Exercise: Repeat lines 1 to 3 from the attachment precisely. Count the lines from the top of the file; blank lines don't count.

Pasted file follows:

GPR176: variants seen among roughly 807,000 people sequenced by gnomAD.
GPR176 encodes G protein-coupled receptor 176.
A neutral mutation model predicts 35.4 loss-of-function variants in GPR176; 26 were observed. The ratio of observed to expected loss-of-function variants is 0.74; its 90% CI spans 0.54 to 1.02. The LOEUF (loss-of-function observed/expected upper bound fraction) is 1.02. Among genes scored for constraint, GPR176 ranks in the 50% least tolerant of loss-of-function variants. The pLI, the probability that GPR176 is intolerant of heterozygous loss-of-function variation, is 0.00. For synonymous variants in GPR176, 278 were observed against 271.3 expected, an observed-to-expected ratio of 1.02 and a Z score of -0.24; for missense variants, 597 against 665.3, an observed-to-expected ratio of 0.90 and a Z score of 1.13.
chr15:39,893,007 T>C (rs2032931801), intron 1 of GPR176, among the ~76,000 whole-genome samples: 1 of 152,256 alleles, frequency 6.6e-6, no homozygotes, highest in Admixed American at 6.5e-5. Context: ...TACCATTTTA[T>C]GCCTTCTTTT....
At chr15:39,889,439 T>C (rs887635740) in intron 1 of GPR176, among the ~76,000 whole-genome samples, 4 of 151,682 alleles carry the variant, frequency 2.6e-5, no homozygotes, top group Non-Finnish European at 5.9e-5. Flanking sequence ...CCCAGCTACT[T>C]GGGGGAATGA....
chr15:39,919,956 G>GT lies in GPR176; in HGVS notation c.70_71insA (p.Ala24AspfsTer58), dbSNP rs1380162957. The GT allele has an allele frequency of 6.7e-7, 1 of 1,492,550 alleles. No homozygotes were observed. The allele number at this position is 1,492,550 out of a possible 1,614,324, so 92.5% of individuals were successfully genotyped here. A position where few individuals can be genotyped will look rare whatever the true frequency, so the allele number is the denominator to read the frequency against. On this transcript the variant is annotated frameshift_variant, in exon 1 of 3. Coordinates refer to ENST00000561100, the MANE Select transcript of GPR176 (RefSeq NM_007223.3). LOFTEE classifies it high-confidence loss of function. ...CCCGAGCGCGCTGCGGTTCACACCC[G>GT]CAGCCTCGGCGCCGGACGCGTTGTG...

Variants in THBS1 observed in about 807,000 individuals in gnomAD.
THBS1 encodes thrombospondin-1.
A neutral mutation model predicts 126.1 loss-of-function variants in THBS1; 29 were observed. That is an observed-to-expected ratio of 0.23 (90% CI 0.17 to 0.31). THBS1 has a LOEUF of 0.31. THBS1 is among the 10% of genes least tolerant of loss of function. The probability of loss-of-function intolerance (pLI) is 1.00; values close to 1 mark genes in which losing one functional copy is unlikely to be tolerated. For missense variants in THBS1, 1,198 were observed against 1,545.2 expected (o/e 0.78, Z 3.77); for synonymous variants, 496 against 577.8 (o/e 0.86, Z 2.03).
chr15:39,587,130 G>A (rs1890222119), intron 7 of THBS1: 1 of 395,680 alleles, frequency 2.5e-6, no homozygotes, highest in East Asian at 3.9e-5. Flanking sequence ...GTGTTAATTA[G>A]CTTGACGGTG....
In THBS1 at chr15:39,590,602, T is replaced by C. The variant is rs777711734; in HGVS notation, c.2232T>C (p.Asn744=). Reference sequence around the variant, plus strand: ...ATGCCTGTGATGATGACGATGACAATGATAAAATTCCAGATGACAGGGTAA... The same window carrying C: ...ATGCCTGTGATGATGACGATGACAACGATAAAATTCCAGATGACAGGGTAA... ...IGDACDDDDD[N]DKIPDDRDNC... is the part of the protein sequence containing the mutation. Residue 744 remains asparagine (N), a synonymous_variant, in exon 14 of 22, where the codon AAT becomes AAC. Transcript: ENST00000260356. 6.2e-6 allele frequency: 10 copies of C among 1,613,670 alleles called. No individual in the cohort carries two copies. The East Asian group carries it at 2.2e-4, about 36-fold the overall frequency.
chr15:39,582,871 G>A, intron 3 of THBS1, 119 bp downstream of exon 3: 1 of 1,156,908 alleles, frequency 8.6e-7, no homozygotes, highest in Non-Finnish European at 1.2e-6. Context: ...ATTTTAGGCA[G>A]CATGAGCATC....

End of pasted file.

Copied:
GPR176: variants seen among roughly 807,000 people sequenced by gnomAD.
GPR176 encodes G protein-coupled receptor 176.
A neutral mutation model predicts 35.4 loss-of-function variants in GPR176; 26 were observed. The ratio of observed to expected loss-of-function variants is 0.74; its 90% CI spans 0.54 to 1.02. The LOEUF (loss-of-function observed/expected upper bound fraction) is 1.02. Among genes scored for constraint, GPR176 ranks in the 50% least tolerant of loss-of-function variants. The pLI, the probability that GPR176 is intolerant of heterozygous loss-of-function variation, is 0.00. For synonymous variants in GPR176, 278 were observed against 271.3 expected, an observed-to-expected ratio of 1.02 and a Z score of -0.24; for missense variants, 597 against 665.3, an observed-to-expected ratio of 0.90 and a Z score of 1.13.